Anthony Nichols Absent Member.
Absent Member.

OB II 3.10 concurrent backup question

I have four servers all plugged into an HP 4/40 library via SCSI to its own drive, with one of the systems acting as the Cell Manager. Right now we stagger each of the daily backups so that at no time they run backups at the same time (in threory, anyway!)

Does anyone have any experience having two or more backups running concurrently? I am interested if it is possible from the OB database point of view, as well as performance expectations on the Cell Manager.

3 Replies
Andreas Voss Absent Member.
Absent Member.

Re: OB II 3.10 concurrent backup question


i have a 10/588 Libray with three DLT7000 drives which are connected each to a different server.
At 7:00 pm i start three backups and have no problem with it.
My Cell server is a K220 with 2 proc. and 1GB memory and i see no crititals on the system when OB does concurrent backups.


Michael Francis Absent Member.
Absent Member.

Re: OB II 3.10 concurrent backup question

We have a 2/15 and are able to backup both servers at the same time. If you don't already have it, you will need a single drive license for each drive that will be in use concurrently. In your case, if you want to have three concurrent backups, you will need three single drive licenses. If you do attempt to initiate a fourth concurrent backup, the OBII will hold the job until one of the first three backup jobs complete or until the waiting job times out.
alberto vasquez Absent Member.
Absent Member.

Re: OB II 3.10 concurrent backup question

Your mileage may vary.

Omniback can indeed do multiple backups to multiple tape drives - but you are correct in asking if the DATABASE will slow us down or is a constraint.

Often you will find the network is a bigger constraint.

However it is possible that the database is a constraint. There are a few things you can do.

Obviously, you could slow Omniback down, using settings like network load, and concurrency (or fewer tape drives.) this would allow more backups to run at the same time - but each would run slower than it's 'best case.'

You could also lower the database usage by LOGGING less information - our default is to log full path and filename, date, etc... ('log all.') If you choose directories or none - this will reduce the amount of catalog data - and so the database has less to do. The database will also not grow as fast if you reduce this logging.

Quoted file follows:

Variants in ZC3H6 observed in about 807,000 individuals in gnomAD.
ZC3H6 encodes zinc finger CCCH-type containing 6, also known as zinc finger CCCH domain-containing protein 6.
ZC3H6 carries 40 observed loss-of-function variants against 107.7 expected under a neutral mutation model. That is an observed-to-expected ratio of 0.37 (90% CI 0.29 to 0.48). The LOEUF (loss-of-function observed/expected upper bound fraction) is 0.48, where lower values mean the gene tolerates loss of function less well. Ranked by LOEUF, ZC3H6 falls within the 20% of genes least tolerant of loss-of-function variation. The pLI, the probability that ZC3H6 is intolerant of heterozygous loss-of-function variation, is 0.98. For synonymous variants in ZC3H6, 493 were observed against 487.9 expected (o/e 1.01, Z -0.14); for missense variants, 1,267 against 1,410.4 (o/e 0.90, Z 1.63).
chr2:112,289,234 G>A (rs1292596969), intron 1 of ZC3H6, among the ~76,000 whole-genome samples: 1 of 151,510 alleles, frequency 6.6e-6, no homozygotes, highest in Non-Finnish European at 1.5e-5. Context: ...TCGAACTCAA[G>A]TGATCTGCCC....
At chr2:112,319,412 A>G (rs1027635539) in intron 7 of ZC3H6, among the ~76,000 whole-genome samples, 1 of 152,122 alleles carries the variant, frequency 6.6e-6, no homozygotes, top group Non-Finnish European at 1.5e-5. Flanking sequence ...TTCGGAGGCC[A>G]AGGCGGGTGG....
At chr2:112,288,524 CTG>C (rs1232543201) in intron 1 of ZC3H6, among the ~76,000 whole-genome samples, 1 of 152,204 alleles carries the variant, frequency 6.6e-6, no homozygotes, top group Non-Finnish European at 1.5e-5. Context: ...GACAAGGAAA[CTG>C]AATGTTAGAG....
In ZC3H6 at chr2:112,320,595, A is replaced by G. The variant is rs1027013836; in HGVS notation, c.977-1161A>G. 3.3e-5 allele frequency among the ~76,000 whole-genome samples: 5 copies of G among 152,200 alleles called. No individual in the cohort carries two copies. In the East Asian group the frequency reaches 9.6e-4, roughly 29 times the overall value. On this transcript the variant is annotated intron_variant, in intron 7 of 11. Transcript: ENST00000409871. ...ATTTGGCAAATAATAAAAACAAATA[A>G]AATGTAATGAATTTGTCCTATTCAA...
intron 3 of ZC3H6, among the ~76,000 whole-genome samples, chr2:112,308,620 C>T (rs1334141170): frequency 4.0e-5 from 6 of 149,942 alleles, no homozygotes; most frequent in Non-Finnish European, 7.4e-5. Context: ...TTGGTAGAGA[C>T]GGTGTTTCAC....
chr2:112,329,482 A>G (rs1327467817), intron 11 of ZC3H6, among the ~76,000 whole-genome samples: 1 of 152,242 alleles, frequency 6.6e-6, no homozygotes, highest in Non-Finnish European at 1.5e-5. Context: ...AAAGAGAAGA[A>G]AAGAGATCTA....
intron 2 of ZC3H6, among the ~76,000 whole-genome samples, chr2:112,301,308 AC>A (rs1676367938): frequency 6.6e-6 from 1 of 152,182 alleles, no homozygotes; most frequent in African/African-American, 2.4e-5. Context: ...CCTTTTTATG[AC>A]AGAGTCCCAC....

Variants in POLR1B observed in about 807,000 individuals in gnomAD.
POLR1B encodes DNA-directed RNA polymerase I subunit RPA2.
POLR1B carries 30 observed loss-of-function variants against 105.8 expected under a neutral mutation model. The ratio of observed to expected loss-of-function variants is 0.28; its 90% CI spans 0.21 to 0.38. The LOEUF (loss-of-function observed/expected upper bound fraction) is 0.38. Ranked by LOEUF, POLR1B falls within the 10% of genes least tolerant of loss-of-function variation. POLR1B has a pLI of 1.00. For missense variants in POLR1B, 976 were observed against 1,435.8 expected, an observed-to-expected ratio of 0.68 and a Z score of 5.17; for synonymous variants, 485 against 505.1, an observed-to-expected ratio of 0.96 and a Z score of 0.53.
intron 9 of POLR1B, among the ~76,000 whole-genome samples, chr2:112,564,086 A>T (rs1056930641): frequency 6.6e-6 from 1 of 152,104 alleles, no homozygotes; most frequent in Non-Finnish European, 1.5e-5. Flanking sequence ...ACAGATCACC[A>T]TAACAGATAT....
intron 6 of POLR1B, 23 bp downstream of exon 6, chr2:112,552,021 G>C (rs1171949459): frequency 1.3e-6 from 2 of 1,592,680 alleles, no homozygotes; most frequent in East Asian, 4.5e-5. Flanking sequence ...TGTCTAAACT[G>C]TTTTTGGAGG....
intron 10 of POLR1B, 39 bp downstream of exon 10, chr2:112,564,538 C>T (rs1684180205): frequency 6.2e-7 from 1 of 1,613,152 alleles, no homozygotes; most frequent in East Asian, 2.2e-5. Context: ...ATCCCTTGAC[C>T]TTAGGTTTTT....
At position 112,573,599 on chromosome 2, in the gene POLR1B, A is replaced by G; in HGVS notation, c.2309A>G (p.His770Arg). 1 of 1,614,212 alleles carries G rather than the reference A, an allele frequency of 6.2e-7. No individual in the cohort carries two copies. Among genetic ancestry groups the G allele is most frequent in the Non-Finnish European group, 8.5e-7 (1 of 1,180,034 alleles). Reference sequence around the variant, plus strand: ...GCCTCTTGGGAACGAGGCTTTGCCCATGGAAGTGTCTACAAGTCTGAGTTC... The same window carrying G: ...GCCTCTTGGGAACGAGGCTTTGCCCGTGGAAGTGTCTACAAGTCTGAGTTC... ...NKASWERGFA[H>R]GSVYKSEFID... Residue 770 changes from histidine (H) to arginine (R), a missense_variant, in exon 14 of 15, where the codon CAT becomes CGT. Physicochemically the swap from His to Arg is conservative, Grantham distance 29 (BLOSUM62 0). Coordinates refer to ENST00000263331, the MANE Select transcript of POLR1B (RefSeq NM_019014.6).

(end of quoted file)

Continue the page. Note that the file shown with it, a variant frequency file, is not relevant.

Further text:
If your database is smaller, of course access to it is quicker. It will be important then to keep only the data that you really need, and do database maintenance frequently. Don't use permanent protection, purge out unneeded data, do the omnidbutil -writeascii / readascii processes regularly.

If you are running backups from the command prompt (omnib) use the -no_monitor syntax - monitoring sessions need to query the database - the fewer monitoring sessions, the less competition for database access.

The omniback database is a database - if performance is an issue look to things like moving it to a faster hard drive (or hard drives) memory management, and so forth.

Finally - if you keep Omniback so busy that the database LOCKS - you are keeping Omniback too busy - reschedule jobs, log less, etc.

If you do get locking issues, that can be tweaked a bit so that Omniback doesn't hang up prematurely - but it can't really be fixed. Locking issues will slow down Omniback under some circumstances. This is regarded generally as a performance issue, and the advice would be to spread your backups over time, slow them down, etc...

By the way - remember that Omniback is a database. If you add an index to a database, does that improve performance? For some things yes, for other things it slows it down...

Guess what? We improved 3.1. And for some things it is slower - it is more noticably slower if you are upgrading from 2.55.

As always..check patches. There is a performance issue for OB II 3.1 addressed in a current patch.

-Joseph Wyckoff
The opinions expressed above are the personal opinions of the authors, not of Micro Focus. By using this site, you accept the Terms of Use and Rules of Participation. Certain versions of content ("Material") accessible here may contain branding from Hewlett-Packard Company (now HP Inc.) and Hewlett Packard Enterprise Company. As of September 1, 2017, the Material is now offered by Micro Focus, a separately owned and operated company. Any reference to the HP and Hewlett Packard Enterprise/HPE marks is historical in nature, and the HP and Hewlett Packard Enterprise/HPE marks are the property of their respective owners.